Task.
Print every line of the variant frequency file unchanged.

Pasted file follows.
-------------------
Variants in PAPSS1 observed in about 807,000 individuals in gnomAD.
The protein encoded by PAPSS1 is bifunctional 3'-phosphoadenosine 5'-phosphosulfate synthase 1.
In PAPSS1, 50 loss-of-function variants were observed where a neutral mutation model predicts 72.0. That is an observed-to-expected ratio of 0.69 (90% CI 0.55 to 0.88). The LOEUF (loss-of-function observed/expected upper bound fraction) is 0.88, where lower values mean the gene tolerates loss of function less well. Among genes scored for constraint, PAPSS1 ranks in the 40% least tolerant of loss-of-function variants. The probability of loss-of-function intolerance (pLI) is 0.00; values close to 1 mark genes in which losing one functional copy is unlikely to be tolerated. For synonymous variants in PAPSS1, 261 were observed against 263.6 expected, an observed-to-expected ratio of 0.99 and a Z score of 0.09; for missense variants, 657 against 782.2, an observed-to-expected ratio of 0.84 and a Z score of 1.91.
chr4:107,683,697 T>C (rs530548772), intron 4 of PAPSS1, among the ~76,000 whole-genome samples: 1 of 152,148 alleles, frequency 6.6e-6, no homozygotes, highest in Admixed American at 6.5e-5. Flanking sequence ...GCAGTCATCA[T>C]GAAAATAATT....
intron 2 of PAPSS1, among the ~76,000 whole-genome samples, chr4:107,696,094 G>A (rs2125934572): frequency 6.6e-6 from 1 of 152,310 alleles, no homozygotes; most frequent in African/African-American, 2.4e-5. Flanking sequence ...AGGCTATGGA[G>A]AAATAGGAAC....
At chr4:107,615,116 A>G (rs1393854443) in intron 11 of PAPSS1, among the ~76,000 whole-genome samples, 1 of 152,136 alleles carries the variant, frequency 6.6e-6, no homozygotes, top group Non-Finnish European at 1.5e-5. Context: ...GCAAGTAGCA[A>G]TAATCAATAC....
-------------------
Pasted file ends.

Variants in PAPSS1 observed in about 807,000 individuals in gnomAD.
The protein encoded by PAPSS1 is bifunctional 3'-phosphoadenosine 5'-phosphosulfate synthase 1.
In PAPSS1, 50 loss-of-function variants were observed where a neutral mutation model predicts 72.0. That is an observed-to-expected ratio of 0.69 (90% CI 0.55 to 0.88). The LOEUF (loss-of-function observed/expected upper bound fraction) is 0.88, where lower values mean the gene tolerates loss of function less well. Among genes scored for constraint, PAPSS1 ranks in the 40% least tolerant of loss-of-function variants. The probability of loss-of-function intolerance (pLI) is 0.00; values close to 1 mark genes in which losing one functional copy is unlikely to be tolerated. For synonymous variants in PAPSS1, 261 were observed against 263.6 expected, an observed-to-expected ratio of 0.99 and a Z score of 0.09; for missense variants, 657 against 782.2, an observed-to-expected ratio of 0.84 and a Z score of 1.91.
chr4:107,683,697 T>C (rs530548772), intron 4 of PAPSS1, among the ~76,000 whole-genome samples: 1 of 152,148 alleles, frequency 6.6e-6, no homozygotes, highest in Admixed American at 6.5e-5. Flanking sequence ...GCAGTCATCA[T>C]GAAAATAATT....
intron 2 of PAPSS1, among the ~76,000 whole-genome samples, chr4:107,696,094 G>A (rs2125934572): frequency 6.6e-6 from 1 of 152,310 alleles, no homozygotes; most frequent in African/African-American, 2.4e-5. Flanking sequence ...AGGCTATGGA[G>A]AAATAGGAAC....
At chr4:107,615,116 A>G (rs1393854443) in intron 11 of PAPSS1, among the ~76,000 whole-genome samples, 1 of 152,136 alleles carries the variant, frequency 6.6e-6, no homozygotes, top group Non-Finnish European at 1.5e-5. Context: ...GCAAGTAGCA[A>G]TAATCAATAC....